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Old 20th Dec 2016, 12:49
  #295 (permalink)  
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UK CAA eyesight correction limits

Hi Guys

I'm looking to re-test to see if I can get a Class 1 - the issue being my prescription is +5.75. There used to be a thing called a deviation (12 years ago) which could allow you get a class 1 if you fall outside the limits. I think the upper limit was +3 but now it appears to be +5 so maybe there is hope.

|'ve been out of the loop for over 10 years on this subject so if anybody has advice I'd appreciate it.

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Old 18th Jan 2017, 07:30
  #296 (permalink)  
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Hello. Recently been down to Gatwick and failed my class 1 due to eyesight. Everything else was perfect, but my left eye let me down. I always had a lazy eye as a child and had the usual patch and other things when I was a child. I went for an eye test at my local eye shop and they confirmed I was very much on the borderline and would have to see what they CAA Say. Obviously as I'm sure you can imagine, I was VERY disappointed with the result. Can anything be done? The CAA doctor said nothing, but there is such things as lazy eye training, eye surgery? Anybody got any experience? How can I dispute what the CAA?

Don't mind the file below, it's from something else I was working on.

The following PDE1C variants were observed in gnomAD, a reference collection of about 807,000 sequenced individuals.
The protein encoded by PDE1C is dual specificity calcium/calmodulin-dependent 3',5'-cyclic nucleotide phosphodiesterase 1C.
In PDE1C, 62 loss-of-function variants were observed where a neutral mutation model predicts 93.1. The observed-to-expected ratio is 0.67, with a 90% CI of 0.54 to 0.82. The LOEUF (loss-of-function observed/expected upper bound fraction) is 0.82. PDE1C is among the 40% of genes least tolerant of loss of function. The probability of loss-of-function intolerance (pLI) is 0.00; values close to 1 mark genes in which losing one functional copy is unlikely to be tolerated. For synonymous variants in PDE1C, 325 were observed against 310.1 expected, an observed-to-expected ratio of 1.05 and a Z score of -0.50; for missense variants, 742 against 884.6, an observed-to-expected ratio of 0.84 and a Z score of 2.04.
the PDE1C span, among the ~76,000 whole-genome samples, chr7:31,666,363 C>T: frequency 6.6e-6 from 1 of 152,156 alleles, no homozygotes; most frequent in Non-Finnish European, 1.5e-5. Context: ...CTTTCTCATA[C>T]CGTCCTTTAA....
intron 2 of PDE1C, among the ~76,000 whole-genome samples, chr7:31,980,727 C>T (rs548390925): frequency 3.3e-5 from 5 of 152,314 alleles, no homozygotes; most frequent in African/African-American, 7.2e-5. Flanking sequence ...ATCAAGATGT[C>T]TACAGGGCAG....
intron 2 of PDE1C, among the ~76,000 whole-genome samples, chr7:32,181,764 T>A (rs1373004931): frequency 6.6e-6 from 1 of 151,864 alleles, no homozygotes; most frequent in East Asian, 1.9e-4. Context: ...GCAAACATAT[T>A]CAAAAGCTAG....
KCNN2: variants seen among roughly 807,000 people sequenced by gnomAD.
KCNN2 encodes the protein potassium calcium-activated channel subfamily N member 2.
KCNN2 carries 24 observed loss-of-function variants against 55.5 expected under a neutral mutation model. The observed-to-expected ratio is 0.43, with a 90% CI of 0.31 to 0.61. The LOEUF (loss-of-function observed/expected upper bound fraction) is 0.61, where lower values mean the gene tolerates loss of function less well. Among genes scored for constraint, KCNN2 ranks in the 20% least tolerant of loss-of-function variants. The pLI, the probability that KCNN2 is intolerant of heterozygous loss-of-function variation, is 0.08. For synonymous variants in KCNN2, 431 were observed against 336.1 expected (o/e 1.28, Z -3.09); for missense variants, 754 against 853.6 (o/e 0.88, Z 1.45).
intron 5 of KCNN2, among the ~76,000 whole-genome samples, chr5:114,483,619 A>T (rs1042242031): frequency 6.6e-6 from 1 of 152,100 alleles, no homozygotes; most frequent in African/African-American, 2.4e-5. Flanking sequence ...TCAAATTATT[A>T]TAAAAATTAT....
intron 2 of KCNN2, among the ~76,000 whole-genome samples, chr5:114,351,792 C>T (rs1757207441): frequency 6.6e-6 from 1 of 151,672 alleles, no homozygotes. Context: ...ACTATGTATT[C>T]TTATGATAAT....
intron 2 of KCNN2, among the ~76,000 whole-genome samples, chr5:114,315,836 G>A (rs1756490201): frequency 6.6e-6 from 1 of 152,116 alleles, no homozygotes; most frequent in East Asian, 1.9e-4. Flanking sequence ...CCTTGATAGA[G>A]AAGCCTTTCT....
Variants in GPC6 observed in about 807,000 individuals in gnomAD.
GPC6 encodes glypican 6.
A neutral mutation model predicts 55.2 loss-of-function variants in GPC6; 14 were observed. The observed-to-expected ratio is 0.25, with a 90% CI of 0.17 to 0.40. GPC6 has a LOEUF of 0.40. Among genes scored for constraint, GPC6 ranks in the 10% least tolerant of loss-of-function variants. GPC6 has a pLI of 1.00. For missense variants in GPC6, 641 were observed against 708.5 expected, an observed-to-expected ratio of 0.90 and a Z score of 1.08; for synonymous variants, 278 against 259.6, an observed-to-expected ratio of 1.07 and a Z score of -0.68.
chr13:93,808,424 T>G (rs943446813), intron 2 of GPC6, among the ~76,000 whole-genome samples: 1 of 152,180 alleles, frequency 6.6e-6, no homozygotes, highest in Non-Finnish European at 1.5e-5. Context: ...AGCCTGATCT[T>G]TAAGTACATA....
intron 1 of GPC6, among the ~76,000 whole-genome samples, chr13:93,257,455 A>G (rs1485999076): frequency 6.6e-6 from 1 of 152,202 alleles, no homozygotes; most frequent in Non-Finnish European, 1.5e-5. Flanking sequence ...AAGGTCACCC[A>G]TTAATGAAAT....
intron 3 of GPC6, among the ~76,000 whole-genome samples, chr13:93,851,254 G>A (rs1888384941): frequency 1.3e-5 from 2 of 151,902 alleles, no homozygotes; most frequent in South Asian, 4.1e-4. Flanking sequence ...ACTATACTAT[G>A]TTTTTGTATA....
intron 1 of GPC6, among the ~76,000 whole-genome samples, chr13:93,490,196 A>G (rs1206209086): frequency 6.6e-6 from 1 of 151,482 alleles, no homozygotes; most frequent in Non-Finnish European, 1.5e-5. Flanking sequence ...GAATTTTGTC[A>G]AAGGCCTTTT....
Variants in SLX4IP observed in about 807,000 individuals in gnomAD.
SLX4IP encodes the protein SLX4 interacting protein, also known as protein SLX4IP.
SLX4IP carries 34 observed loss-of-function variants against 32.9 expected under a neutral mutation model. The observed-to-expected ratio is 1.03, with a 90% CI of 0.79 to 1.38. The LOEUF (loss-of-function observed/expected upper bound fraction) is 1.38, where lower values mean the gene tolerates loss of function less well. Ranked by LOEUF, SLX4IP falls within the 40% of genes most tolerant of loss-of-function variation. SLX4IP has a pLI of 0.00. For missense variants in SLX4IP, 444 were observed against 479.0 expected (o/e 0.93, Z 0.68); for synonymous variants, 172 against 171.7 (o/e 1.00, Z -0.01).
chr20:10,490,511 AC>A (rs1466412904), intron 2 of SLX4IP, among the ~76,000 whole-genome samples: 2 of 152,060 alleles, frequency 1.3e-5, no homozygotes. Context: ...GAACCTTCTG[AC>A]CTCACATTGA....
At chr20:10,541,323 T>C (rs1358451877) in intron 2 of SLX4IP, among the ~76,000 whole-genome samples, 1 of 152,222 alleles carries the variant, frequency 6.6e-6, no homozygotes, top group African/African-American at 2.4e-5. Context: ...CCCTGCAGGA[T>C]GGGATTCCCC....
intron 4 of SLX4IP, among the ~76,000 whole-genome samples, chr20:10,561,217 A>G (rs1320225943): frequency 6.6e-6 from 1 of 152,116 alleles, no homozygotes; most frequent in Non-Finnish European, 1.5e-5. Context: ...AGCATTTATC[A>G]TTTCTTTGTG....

L +0.50 -1.00 175
R +3.00 -1.75 25

This is my current prescription, I have just spoken to the AME who has conducted the test. He Said my left eye reached 6/12 with glasses and 6/18 without glasses. My right was above standard. He said I was just over a line of the chart.